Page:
There are twenty-odd radio stations catering to the Dutch audience, nearly all presenting a music format. Yet virtually all stations interrupt their programs every hour and sometimes even every half hour to air short news bulletins, which are provided to the public stations by NoS and to their commercial rivals by the press agency ANP. only the public Radio 1 station and the commercial BNR Nieuwsradio carry news bulletins around the clock. Average daily listening time amounts to 195 minutes, about 60 % of this being divided between the public broadcaster and its two major commercial counterparts. Just as for television, there are regional radios in every province and there are a further 265 local stations carrying news bulletins. Finally, Dutch listeners can also receive public as well as commercial radio stations from neighboring countries.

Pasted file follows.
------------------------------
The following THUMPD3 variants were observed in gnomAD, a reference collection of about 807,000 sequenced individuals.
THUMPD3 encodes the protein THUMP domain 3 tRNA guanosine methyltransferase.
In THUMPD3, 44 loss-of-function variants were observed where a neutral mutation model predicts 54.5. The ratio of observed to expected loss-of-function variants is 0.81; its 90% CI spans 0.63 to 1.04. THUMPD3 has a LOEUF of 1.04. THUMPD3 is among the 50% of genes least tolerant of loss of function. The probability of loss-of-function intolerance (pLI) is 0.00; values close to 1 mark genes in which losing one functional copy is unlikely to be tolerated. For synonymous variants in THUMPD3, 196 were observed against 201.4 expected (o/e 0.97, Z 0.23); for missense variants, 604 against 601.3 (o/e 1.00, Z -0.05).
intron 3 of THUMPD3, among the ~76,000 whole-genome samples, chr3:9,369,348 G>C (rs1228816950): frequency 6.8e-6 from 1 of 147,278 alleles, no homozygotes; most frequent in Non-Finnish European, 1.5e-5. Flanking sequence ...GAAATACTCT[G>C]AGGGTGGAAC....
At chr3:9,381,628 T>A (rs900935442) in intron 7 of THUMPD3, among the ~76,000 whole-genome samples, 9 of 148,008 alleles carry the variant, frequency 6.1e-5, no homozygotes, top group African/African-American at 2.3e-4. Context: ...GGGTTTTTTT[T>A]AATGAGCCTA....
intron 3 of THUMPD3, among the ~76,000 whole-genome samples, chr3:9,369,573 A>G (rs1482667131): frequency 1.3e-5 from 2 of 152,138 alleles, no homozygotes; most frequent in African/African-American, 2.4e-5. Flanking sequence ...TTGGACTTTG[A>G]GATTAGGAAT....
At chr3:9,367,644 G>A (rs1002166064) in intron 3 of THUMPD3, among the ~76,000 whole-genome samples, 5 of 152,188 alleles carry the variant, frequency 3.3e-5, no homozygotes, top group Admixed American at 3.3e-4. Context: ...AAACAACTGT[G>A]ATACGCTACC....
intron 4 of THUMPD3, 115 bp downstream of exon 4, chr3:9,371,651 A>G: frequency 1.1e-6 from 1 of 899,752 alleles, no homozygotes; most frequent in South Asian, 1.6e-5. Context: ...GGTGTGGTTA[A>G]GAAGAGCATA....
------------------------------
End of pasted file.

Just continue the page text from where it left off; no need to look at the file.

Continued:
Both television and radio broadcasts are mainly received via the cable network. Cable-network operators have to offer a basic package as defined in the 1997 Media Law: it includes at least 15 television channels and 25 radio stations. The three Dutch public broadcasters are governed by the must-carry principle, as are the regional and local public broadcasters and the two Flemish public broadcasters. The remaining channels in the package are selected by the cable operators, with local programming boards having an advisory role. A standard package consists of about 35 television and 40 radio channels. In less densely populated areas and in areas with a relatively large population of ethnic minorities, dish antennas are also often used. At the end of 2008, 98 % of all Dutch households owned one or more television sets, and more than half of the households had digital television (de Vries 2008). A standard digital package offers a multitude of television and radio channels, among which are the thematic channels of the public broadcaster. of special significance as far as newscasts are concerned is Journaal 24 (looped repetitions of the latest bulletins) and Uitzending gemist (‘Missed Broadcasts’, catch-up programs among which is the NOS Acht uur journaal).